Yes.But a weak one.The "When blah, blah, blah fifty years again, he hadn't blah, blah, blah" construction makes this feel like the tagline for a book about a coffee addiction rather than the beginning of a compelling scene.Still, I liked the concept of a [whatever] powerful enough to possess someone but still chained to a coffee cup every morning to keep reading.I would try to keep the idea of the opening but rework the sentence so that the reader feel more a part of the moment and not like she's being told about things that happened way back when.
My initial reaction is Yes, so that's my vote. It initially made me laugh, and I certainly would have read on.However, as I look at it more closely, it does raise some plausibility questions. (Why caffiene withdrawal for fifty years, why is caffiene such a big deal, etc.) I have a feeling an agent or editor would change it. So keep that in mind.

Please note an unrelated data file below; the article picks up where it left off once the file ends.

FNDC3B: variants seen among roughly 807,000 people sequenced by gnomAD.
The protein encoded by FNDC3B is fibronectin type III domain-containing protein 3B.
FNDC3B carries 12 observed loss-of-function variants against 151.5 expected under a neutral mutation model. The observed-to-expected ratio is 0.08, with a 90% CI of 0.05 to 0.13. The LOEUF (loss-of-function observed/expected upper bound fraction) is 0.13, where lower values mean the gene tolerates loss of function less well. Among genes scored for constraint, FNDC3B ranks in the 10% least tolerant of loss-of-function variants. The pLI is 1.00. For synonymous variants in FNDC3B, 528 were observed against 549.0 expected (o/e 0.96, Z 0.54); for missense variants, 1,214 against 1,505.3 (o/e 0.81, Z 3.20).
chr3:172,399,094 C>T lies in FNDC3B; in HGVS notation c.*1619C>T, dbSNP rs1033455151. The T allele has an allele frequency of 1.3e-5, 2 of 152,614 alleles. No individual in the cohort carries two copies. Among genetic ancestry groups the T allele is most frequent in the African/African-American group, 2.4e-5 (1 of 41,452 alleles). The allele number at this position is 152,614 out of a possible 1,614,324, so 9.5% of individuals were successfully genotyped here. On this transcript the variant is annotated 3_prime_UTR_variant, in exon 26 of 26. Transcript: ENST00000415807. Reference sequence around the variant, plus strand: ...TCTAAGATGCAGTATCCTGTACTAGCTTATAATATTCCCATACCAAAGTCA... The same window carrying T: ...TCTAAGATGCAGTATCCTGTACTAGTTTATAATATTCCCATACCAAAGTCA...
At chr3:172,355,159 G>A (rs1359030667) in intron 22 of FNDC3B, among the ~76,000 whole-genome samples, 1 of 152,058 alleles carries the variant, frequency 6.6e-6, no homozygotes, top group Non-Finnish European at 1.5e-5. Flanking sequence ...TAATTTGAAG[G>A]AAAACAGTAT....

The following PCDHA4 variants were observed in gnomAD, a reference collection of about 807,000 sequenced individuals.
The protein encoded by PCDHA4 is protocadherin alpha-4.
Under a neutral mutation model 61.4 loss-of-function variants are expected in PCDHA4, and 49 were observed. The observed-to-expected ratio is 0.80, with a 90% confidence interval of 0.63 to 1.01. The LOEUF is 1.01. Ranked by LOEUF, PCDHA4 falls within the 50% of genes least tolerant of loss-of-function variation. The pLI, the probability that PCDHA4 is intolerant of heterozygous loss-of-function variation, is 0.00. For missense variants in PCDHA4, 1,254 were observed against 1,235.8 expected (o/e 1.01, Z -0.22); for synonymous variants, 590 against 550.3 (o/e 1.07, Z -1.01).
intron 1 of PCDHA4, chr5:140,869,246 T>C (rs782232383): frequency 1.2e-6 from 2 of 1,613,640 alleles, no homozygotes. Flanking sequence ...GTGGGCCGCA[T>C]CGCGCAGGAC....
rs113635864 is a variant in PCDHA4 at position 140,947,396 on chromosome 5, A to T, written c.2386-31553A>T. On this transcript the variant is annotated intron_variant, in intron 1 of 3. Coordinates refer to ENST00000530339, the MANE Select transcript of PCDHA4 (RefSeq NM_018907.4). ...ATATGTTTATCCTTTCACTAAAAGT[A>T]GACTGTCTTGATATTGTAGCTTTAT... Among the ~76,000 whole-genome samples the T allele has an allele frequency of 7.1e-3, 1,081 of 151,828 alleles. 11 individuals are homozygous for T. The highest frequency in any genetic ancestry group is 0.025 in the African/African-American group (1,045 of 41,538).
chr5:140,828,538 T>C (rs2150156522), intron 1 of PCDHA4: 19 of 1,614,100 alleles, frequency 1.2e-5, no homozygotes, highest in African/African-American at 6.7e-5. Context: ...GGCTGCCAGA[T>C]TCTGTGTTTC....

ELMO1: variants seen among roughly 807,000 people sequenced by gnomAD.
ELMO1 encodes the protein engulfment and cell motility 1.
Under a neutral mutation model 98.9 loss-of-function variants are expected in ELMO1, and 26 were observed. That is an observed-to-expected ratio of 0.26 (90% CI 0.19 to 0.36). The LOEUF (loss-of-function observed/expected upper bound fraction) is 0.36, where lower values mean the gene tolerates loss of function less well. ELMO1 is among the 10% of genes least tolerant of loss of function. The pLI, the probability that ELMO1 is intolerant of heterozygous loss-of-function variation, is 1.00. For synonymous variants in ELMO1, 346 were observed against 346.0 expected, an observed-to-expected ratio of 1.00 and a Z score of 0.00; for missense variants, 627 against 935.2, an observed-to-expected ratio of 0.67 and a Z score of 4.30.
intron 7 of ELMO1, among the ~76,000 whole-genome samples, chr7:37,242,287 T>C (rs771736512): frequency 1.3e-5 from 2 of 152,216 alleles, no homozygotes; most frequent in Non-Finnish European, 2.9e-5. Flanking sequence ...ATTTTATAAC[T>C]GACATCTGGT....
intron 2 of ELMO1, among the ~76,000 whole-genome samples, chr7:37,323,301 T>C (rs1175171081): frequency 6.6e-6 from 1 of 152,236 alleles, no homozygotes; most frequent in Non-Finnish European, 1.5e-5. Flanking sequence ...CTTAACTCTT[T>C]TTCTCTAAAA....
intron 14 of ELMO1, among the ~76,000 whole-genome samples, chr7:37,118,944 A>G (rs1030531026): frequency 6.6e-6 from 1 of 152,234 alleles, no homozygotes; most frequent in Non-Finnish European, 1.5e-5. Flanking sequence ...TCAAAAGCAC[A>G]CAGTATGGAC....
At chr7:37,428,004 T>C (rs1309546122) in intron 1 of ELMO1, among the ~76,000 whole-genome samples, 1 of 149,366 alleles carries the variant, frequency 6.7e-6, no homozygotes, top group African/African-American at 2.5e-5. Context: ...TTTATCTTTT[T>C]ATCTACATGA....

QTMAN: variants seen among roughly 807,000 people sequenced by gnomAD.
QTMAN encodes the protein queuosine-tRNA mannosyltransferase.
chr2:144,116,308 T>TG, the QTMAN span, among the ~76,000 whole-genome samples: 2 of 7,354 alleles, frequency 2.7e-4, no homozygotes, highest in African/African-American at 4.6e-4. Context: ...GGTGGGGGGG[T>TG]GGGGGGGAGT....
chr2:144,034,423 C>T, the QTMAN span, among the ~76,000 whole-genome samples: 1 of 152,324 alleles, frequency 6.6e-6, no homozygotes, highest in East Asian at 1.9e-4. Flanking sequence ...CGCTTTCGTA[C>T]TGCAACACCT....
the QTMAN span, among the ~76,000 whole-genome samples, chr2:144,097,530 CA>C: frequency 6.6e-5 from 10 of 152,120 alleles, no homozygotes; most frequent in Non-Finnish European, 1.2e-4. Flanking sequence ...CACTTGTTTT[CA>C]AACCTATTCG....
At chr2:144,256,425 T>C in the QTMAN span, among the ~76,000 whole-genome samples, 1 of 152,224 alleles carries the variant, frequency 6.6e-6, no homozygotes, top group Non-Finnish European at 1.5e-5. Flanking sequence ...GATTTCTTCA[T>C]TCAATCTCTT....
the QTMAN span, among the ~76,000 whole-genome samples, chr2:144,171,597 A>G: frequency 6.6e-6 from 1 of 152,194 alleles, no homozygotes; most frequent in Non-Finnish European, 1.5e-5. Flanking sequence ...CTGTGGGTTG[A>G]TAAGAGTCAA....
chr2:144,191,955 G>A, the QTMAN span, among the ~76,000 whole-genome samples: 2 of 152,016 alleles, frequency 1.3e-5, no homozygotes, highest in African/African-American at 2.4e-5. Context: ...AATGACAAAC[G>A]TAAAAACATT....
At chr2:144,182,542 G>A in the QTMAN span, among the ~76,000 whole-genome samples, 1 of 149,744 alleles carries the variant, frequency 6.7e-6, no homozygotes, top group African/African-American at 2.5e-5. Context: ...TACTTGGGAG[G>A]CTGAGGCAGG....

No. Not compelling.
No. I think it was trying to be funny, but fell a little flat for me.
Yes. To me the point was that taking over someone's body isn't always what it's cracked up to be! I didn't have a problem with the caffeine addiction, because I've known many, many people (who aren't body snatchers even) that get caffeine headaches every day before their first cuppa. I'd read on.
Yes. Very funny. Also I'm assuming Liam suffers only until he drinks that morning cup.
Yes, but it was almost too much info for the first line. Still, I'd read on!
Yes!I've read this before around the blogosphere and it hooked me then, too. I know nothing about caffeine addiction, though, so I can't comment on plausibility. I laughed. Laughing is good. :)
No. If he took the body over 50 years ago, why is he just noticing the caffeine withdrawal now? Plus, I found myself checking out the title, figuring that Liam must be a demon and then wondering what sort of demon was called Liam.
Yes. It's a little bit awkward and not altogether there for me, but I'm still interested about where this is going.
No. The voice is too passive, and you are not pulling me into the story.
Yes. It could be tightened, but I really, really like it. :) It's very intriguing and something I can definitely relate to.